Manager John Hackworth said the reason the Philadelphia Union traded Jack McInerney was because the team had “evolved” and that Friday’s deal with the Montreal Impact for Andrew Wenger put them in a “better overall position long-term.”
McInerney was surprised to hear as much, because he didn’t expect that evolution to come without him. And he certainly never got the sense he wasn’t a part of the team’s long-term plans.
“I definitely wanted to be here,” McInerney told MLSsoccer.com by phone on Saturday, one day after the blockbuster trade. “I’ve been here since the beginning. I’ve grown to know the city and love the city and fans. It’s pretty sad for me and disappointing.”
One of the only remaining players with the Union since their expansion season in 2010, McInerney had grown into one of the league’s most promising young talents along with fellow 2010 SuperDraft pick Amobi Okugo.
Last season, McInerney led the team in scoring with 12 goals while Okugo played virtually every minute at center back, leading McInerney to believe that “me and him were probably going to be the go-to guys for as long as could be.”
But Hackworth decided to pull the plug on the McInerney in part because the 21-year-old striker was nearing the end of his contract.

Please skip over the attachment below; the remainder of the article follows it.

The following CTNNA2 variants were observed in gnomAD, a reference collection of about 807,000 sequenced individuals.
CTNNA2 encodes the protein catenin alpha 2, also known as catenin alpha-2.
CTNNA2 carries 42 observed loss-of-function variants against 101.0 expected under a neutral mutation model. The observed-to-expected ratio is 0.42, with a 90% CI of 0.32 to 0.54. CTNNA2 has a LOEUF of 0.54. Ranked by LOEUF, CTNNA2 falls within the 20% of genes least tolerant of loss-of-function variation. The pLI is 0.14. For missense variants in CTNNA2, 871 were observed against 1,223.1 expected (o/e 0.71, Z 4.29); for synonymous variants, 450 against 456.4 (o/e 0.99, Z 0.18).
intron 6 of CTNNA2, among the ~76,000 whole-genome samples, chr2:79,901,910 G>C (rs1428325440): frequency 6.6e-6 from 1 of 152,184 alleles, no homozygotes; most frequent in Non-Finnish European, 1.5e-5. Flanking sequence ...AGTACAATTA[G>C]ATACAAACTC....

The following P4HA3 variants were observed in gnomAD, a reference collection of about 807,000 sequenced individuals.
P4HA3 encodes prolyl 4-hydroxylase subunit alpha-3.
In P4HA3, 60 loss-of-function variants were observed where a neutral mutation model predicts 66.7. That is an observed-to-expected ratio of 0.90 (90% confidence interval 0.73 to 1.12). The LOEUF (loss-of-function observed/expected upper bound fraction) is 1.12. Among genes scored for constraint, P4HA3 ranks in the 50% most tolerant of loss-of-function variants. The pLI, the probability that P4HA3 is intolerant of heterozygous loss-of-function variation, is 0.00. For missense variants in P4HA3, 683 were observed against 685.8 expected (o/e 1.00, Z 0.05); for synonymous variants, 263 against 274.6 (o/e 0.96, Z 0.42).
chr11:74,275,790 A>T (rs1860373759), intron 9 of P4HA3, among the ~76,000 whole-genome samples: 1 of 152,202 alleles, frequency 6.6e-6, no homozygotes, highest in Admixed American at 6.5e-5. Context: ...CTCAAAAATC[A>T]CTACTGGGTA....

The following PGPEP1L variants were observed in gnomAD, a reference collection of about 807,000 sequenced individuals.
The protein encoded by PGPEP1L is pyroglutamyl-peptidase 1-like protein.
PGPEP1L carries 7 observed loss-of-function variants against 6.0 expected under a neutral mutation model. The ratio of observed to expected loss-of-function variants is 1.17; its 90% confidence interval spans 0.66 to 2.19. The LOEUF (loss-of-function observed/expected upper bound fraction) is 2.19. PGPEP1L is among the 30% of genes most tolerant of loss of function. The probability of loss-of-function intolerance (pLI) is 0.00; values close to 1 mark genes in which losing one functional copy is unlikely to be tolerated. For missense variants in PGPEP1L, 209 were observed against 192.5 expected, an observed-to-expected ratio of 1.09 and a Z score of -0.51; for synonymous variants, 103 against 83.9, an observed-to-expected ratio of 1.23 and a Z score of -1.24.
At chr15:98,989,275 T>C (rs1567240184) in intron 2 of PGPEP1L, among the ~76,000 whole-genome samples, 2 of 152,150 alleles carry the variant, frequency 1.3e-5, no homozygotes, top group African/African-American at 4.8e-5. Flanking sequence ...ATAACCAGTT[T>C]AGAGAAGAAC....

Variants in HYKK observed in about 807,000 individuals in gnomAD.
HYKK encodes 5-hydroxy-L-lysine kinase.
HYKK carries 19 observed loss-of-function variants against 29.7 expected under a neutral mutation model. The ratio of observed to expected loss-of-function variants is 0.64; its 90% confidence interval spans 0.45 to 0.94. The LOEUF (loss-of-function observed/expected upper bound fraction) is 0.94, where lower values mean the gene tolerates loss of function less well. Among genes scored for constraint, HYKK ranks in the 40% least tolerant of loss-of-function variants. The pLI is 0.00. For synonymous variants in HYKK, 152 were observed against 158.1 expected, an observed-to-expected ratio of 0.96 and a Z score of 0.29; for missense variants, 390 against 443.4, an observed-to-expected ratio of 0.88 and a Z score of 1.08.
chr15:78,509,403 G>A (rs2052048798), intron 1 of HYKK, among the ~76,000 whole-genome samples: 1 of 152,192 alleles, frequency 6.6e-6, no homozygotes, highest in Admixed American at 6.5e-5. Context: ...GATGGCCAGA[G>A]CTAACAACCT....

When asked if he would have been open to re-signing with Philly, McInerney said “for sure,” and batted down rumors he wished to go elsewhere.
“People were saying that but I was asked if I had the opportunity to go to Europe and I said I would consider it,” McInerney said. “I didn’t say that was something I was going to do. I was happy here in Philly. I didn’t want anything to change at that point.”
McInerney also shot down the rumors that he may have rubbed some teammates the wrong way with his body language during games, saying that “no one has ever said anything to me” and “that’s just kind of how I am on the field.”
And as for the idea that Wenger will fit better into the team’s new lineup and 4-3-3 formation, McInerney felt that the relationship with his new teammates was “just starting to click” and that the goals “would have come soon.”
“I thought it was going well,” he said. “I thought personally for me I was playing well and I thought the team was doing good for as many additions as we had and the changes that were made in the offseason.”
Despite some bitter feelings, McInerney is still happy about his time in Philadelphia. He pointed to the franchise’s first-ever game in Seattle in 2010 and the time he jumped into the crowd after scoring against New England in 2012 as his favorite moments, and said that he loved how the “whole club is like family.”
And even though he’s going to “want to prove they made a big mistake” when he plays against the Union in three weeks, he’ll always have a place in his heart for the franchise that gave him his professional start.
“Obviously no player is going to play for the Union forever,” McInerney said. “Careers end at some point. It’s how it goes sometimes. I’ll look back on it and always feel like a part of the organization.”
Dave Zeitlin covers the Union for MLSsoccer.com. Email him at email@example.com.